Wednesday, January 6, 2021

Awareness: Looking Anxiety in the Face

In the practice of meditation one of the main "goals"--if we can call it a goal--is to learn to maintain an increasing sense of awareness.  The little secret is that awareness (reality) is always there.  We just aren't always aware that we are aware of it.  Instead, we are distracted by things like anxiety, fear, anger, and many other things, such as thoughts that float around obstructing our view of awareness.  It is said that in meditation you eventually become aware of reality rather than it being something you are striving for.  In other words, the more you meditate and perfect your awareness of reality, the more it appears to you.

When it comes to anxiety, we have to work at recognizing that it is like an object in the sky that catches our attention and begins to distract us from seeing things as they really are.  We can think of reality as the sky and when we look up into that sky, sometimes there are things that are "in" that sky that catch our attention, and we see these things just the way we might see clouds in the sky, and if you are like me, you can look at clouds and begin to get a little distracted by them.  That one looks like a dragon and maybe that one looks like the unfolding of a tornado, and maybe another looks like it could be heavy with rain.  Pretty soon... all you can see is the clouds (anxiety) and not reality (the sky) itself.

So with anxiety (as with many other of life's unnecessary distractions) we need to see these things for what they really are, and this should be done with as little to no judgment as is possible.  In other words, if you so happen to actually "notice" that you are anxious, try to notice without all the judgment that can follow, such as "what is wrong with me?", or "I should be better at this and not be so anxious."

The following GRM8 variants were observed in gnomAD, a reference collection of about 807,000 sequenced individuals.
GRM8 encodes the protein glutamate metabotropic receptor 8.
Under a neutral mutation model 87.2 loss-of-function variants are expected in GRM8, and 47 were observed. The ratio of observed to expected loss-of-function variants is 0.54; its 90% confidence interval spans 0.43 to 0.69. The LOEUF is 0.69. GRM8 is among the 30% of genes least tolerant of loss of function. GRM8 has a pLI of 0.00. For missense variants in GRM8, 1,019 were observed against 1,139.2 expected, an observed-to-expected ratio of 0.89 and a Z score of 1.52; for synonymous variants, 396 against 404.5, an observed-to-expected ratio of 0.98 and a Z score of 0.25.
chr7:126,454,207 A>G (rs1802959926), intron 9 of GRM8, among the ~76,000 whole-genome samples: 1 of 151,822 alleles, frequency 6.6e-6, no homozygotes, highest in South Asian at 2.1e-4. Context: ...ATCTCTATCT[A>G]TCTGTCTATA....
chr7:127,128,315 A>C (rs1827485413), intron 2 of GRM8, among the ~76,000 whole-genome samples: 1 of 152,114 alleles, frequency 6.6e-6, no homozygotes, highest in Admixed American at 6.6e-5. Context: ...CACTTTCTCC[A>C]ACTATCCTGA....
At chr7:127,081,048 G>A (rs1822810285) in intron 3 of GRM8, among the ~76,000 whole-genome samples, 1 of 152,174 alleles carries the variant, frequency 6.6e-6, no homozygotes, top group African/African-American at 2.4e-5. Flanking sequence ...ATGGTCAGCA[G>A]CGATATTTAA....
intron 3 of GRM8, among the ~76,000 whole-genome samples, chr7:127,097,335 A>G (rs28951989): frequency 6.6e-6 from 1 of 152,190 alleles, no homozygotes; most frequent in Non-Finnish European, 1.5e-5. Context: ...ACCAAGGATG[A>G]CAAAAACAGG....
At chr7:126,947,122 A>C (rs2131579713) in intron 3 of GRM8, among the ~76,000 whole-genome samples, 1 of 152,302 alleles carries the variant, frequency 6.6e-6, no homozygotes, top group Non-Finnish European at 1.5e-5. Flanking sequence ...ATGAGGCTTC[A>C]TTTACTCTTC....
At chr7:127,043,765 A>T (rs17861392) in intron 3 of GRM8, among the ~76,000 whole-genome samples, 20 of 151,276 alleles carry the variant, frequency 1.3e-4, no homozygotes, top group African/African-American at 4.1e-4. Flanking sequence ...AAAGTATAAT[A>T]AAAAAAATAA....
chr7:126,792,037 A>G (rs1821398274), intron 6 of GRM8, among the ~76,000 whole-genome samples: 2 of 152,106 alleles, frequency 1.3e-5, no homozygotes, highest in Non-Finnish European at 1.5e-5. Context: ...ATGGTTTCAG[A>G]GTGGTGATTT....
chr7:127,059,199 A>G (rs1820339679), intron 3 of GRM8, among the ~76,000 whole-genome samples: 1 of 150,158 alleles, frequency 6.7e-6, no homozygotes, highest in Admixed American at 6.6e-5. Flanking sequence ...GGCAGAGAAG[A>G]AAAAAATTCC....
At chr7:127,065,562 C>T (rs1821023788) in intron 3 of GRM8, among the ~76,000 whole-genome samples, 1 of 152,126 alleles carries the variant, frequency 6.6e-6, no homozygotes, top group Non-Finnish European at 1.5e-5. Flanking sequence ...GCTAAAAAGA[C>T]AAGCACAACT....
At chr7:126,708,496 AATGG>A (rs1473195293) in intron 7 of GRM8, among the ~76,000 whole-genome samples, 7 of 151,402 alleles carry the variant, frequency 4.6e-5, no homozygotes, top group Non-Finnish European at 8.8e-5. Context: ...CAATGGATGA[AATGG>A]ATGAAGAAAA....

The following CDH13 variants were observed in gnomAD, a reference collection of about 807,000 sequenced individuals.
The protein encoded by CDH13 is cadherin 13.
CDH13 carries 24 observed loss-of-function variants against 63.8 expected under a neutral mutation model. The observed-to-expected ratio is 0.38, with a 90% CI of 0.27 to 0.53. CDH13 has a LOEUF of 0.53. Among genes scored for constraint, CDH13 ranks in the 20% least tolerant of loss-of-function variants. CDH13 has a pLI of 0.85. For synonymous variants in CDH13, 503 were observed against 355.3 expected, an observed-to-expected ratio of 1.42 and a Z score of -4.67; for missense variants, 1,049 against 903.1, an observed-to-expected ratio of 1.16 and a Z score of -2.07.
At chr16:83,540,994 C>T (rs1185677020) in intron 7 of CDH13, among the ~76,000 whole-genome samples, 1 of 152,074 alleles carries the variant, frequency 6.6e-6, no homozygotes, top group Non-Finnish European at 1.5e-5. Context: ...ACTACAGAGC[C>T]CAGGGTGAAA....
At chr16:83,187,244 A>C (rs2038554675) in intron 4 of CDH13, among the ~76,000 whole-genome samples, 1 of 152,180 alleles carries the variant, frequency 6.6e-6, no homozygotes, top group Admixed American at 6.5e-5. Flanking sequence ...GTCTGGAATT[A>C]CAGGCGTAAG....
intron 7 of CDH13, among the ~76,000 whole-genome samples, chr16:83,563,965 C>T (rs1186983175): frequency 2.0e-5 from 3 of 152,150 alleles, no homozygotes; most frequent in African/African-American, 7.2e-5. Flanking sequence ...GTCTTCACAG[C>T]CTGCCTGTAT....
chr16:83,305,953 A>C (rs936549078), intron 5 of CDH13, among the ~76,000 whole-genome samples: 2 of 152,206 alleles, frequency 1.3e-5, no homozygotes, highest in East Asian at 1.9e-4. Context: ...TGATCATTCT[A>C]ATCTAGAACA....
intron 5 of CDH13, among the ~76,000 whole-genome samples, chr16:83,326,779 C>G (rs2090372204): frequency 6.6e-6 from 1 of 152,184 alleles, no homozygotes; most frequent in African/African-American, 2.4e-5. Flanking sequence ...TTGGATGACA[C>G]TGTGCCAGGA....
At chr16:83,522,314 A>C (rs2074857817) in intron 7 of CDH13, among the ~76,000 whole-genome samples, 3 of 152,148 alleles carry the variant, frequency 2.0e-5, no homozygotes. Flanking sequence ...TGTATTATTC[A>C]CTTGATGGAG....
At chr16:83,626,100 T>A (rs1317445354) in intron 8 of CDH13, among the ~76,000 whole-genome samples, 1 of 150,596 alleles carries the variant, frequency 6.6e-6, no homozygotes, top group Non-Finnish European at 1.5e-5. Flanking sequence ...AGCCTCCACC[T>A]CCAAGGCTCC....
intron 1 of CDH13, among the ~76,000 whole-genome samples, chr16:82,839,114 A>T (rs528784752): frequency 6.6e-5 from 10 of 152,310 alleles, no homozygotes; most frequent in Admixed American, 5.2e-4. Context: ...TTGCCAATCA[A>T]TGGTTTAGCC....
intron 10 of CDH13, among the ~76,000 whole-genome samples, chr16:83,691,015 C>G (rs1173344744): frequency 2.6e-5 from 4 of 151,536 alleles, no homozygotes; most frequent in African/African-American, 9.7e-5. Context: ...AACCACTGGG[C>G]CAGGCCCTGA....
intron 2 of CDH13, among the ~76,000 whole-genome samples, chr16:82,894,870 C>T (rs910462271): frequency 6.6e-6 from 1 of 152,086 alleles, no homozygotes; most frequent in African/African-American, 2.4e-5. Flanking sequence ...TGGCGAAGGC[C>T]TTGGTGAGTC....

The way we get better and better at being aware is through meditative practice, and that can be done no matter if we are in seated meditation, walking meditation, moving meditation, or any activity at all  really.  For instance, try this little exercise: As you read these words that are a part of this paragraph, try to notice each and every time you see the letter "e".  Just read along, and then each time you see the letter "e", just notice it briefly.  So here you are, reading this paragraph, and suddenly the entire paragraph becomes something much more prominent before you.  Every word is now a central focus as you pay particular attention to catching each and every "e".  And we can do the same thing in everyday life if we just add in practices that help us learn to stay more present.

In her life's work, Charlotte Joko Beck worked to help people notice these things in their everyday life which were escaping notice due to distraction.  She wrote a book, Everyday Zen, in which she simplifies the entire Zen meditation process by clarifying that though it's not easy to accomplish, the main idea behind meditation and present-moment practices, is to become "present" in "every moment".